7. Unspoken Rules – you don’t find out what they are until you break them. Rules like this are never written down because if they were written down they would be easily exposed as anti-Christian.
  8. Humiliation and Scare Tactics – you can be ‘exposed’ for asking too many questions, for disobeying unspoken rules, or for disagreeing with authority. People are made public examples in order to send a message to those who remain. Many methods are used to warn their friends and others about how ‘dangerous’ or ‘divisive’ they are.
  9. Misusing or Abusing Scripture – using scripture incorrectly in order to manipulate.
  10. Double Talk – the leaders sound very religious but there is a sense of vagueness. They will give you the ‘right’ answer but rarely the ‘real’ answer. You cannot confront them or pin them down because they never truly answer the question and are deceitful.

 

Spotting Spiritual Abuse
Have a distorted view of respect. They forget the simple adage that respect is earned, not granted. Abusive leaders demand respect without having earned it by good, honest living.

Demand allegiance as proof of the follower’s allegiance to Christ. It’s either his/her way or no way. And if a follower deviates, he is guilty of deviating from Jesus.

Create a culture of fear and shame. Often there is no grace for someone who fails to live up to the church’s or ministry’s expectation. And if someone steps outside of the often-unspoken rules, leaders shame them into compliance. Can’t admit failure but often searches out failure in others and uses that knowledge to hold others in fear and captivity. They often quote scriptures about not touching God’s anointed, or bringing accusations against an elder. Yet they often confront sin in others, particularly ones who bring up legitimate biblical issues. Or they have their circle of influence take on this task, silencing critics.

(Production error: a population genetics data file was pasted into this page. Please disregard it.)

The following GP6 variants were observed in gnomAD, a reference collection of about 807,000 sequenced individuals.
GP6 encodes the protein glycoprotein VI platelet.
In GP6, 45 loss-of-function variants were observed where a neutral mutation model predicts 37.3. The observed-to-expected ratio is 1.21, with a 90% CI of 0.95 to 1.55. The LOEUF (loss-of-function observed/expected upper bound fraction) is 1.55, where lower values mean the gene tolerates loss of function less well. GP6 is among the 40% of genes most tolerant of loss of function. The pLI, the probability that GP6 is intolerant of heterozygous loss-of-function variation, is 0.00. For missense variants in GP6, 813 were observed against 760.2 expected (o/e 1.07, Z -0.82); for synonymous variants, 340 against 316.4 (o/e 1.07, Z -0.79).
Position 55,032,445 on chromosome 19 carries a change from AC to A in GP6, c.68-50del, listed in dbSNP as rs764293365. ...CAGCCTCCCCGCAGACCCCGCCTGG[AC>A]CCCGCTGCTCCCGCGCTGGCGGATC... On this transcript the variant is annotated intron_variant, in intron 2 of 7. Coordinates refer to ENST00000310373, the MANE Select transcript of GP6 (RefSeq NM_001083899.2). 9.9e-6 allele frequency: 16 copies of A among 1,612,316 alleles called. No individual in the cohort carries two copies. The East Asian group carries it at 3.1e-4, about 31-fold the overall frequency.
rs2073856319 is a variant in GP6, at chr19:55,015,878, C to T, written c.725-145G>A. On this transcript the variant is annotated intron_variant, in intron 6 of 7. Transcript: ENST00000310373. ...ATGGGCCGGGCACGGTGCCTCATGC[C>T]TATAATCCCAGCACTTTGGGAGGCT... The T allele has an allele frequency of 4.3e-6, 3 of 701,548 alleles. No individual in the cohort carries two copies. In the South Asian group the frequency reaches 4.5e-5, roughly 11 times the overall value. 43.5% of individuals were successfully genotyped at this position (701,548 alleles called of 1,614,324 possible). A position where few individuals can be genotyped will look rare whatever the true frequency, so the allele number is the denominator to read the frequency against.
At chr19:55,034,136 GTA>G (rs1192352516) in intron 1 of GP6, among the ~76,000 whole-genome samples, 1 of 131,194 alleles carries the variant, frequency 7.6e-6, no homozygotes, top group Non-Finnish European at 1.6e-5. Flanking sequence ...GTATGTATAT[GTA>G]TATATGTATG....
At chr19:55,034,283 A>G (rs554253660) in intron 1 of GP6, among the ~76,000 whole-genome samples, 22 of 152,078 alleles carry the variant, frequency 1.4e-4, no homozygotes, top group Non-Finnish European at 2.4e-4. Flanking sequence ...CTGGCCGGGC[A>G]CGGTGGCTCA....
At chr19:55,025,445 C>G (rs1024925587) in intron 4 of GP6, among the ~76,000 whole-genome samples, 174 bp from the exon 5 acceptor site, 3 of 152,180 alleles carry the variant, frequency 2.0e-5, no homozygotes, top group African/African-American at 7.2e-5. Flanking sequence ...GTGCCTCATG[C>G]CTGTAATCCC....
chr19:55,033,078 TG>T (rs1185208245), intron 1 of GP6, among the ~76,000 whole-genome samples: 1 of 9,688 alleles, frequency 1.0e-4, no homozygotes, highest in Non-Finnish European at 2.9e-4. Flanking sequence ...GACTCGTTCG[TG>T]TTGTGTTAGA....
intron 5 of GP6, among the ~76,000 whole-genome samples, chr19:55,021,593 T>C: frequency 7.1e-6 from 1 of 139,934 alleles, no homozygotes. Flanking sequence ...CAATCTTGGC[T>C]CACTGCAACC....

Often have a charismatic leader at the helm who starts off well, but slips into arrogance, protectionism and pride. Where a leader might start off being personable and interested in others’ issues, he/she eventually withdraws to a small group of “yes people” and isolates from the needs of others. Harbors a cult of personality, meaning if the central figure of the ministry or church left, the entity would collapse, as it was entirely dependent on one person to hold the place together.

Buffer him/herself from criticism by placing people around themselves whose only allegiance is to the leader. Views those who bring up issues as enemies. Those who were once friends/allies swiftly become enemies once a concern is raised. Sometimes these folks are banished, told to be silent, or shamed into submission.

Hold to outward performance but rejects authentic spirituality. Places burdens on followers to act a certain way, dress an acceptable way, and have an acceptable lifestyle.

Use exclusivity for allegiance. Followers close to the leader or leaders feel like insiders. Everyone else is on the outside, though they long to be in that inner circle.

Source: http://www.marydemuth.com/spiritual-abuse-10-ways-to-spot-it/

Christian Dating Superstition?

There is a popular notion among Christian singles that says, “There is only one person God has you destined to be with.” Which can lead to us waiting and waiting for that “moment” and that special someone. I’m really not sure what to think of this idea, the Bible doesn’t say much about this type of thinking. Biblically speaking our top priority should be finding someone who is a genuine Christian, and pursuing a relationship based on purity, respect, truth and holiness, thus honoring God.

“German theologian Dietrich Bonhoeffer addresses this issue in a wedding sermon he wrote for his sister from a Nazi jail cell. He says that God joins the relationship between a man and a woman at the point of marriage. Before that, the couple has to take the initiative. Rather than directing the course of the relationship, God wants the couple to grow and learn how to make a commitment. Once they’ve done that, God increases his sustaining presence.” (source: https://www.crosswalk.com/family/singles/the-top-five-myths-of-christian-dating-11620987.html)